AQA A Level Chemistry复习笔记1.3.3 Reacting Volumes

Volumes & Concentrations of Solutions

 

  • The concentration of a solution is the amount of solute dissolved in a solvent to make 1 dm3 of  solution
    • The solute is the substance that dissolves in a solvent to form a solution
    • The solvent is often water

     

AQA-1.3.3-Concentration-formula

  • A concentrated solution is a solution that has a high concentration of solute
  • A dilute solution is a solution with a low concentration of solute
  • When carrying out calculations involve concentrations in mol dm-3 the following points need to be considered:
    • Change mass in grams to moles
    • Change cm3 to dm3

     

  • To calculate the mass of a substance present in solution of known concentration and volume:
    • Rearrange the concentration equation

     

number of moles (mol) = concentration (mol dm-3) x volume (dm3)

    • Multiply the moles of solute by its molar mass

mass of solute (g) = number of moles (mol) x molar mass (g mol-1)

Worked Example

Calculating volume from concentration
Calculate the volume of hydrochloric acid of concentration 1.0 mol dm-3 that is required to react completely with 2.5 g of calcium carbonate

Answer

Step 1: Write the balanced symbol equation

CaCO3  +  2HCl  →  CaCl2  +  H2O  +  CO2

Step 2: Calculate the amount, in moles, of calcium carbonate that reacts

 

9.-Mole-Calculations-Worked-example-Calculating-volume-from-concentration-equation-1

Step 3: Calculate the moles of hydrochloric acid required using the reaction’s stoichiometry

1 mol of CaCO3 requires 2 mol of HCl

So 0.025 mol of CaCO3 requires 0.05 mol of HCl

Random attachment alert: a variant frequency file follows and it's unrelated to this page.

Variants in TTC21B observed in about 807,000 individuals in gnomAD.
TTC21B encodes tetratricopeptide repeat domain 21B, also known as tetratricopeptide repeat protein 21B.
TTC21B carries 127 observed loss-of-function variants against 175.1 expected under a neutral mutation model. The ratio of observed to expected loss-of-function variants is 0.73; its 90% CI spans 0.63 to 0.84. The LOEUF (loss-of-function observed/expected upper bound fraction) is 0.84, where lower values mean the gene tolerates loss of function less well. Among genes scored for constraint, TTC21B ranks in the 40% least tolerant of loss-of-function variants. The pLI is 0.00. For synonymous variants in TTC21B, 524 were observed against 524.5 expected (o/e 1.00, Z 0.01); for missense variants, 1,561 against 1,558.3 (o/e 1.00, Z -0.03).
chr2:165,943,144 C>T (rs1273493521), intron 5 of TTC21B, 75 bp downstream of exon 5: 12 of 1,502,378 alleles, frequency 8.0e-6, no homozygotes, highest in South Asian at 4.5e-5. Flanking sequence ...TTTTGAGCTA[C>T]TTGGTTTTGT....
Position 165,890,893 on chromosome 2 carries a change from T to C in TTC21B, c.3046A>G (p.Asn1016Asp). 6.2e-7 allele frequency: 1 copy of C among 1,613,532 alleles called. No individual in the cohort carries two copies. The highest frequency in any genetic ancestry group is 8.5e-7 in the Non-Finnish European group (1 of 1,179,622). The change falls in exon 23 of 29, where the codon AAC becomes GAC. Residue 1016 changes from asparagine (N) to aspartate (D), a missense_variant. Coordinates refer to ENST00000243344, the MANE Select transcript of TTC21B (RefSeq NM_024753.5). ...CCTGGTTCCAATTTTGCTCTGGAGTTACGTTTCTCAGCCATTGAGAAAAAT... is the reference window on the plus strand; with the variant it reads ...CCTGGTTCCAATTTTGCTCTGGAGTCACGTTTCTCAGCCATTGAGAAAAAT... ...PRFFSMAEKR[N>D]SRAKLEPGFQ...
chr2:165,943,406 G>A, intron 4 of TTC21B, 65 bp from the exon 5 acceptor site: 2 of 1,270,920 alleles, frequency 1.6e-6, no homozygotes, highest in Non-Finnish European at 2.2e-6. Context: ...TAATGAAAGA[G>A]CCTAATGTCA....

Step 4: Calculate the volume of HCl required

9.-Mole-Calculations-Worked-example-Calculating-volume-from-concentration-equation-2

 

Volume of hydrochloric acid = 0.05 dm3

Worked Example

Neutralisation calculation
25.0 cm3 of 0.050 dm-3 sodium carbonate was completely neutralised by 20.00 cm3  of dilute hydrochloric acid. Calculate the concentration in mol dm-3 of the hydrochloric acid.

Answer

Step 1: Write the balanced symbol equation

Na2CO3  +  2HCl  →  2NaCl  +  H2O  +  CO2

Step 2: Calculate the amount, in moles, of sodium carbonate reacted by rearranging the equation for amount of substance (mol) and dividing the volume by 1000 to convert cm3 to dm3

amount (Na2CO3) = 0.025 dm3 x 0.050 mol dm-3 = 0.00125 mol

Step 3: Calculate the moles of hydrochloric acid required using the reaction’s stoichiometry

1 mol of Na2CO3 reacts with 2 mol of HCl, so the molar ratio is 1 : 2

Therefore 0.00125 moles of Na2CO3 react with 0.00250 moles of HCl

Step 4: Calculate the concentration, in mol dm-3, of hydrochloric acid

9.-Mole-Calculations-Worked-example-Neutralisation-calculation-equation-1

 

9.-Mole-Calculations-Worked-example-Neutralisation-calculation-equation-2

 

concentration (HCl) (mol dm-3) = 0.125 mol dm-3

Volumes of gases

  • Avogadro suggested that ‘equal volumes of gases contain the same number of molecules’ (also called Avogadro’s hypothesis)
  • At room temperature (20 degrees Celsius) and pressure (1 atm) one mole of any gas has a volume of 24.0 dm3
  • This molar gas volume of 24.0 dm3 mol-1 can be used  to find:
    • The volume of a given mass or number of moles of gas:

     

volume of gas (dm3) = amount of gas (mol) x 24 dm3 mol-1

  • The mass or number of moles of a given volume of gas:

AQA-1.3.3-Amount-of-gas-formula

 

Worked Example

Calculation volume of gas using excess & limiting reagents
Calculate the volume the following gases occupy:

  1. Hydrogen (3 mol)
  2. Carbon dioxide (0.25 mol)
  3. Oxygen (5.4 mol)
  4. Ammonia (0.02 mol)

Calculate the moles in the following volumes of gases:

  1. Methane
  2. Carbon monoxide
  3. Sulfur dioxide

Answer

1.2-Atoms-Molecules-Stoichiometry-Table-2

 

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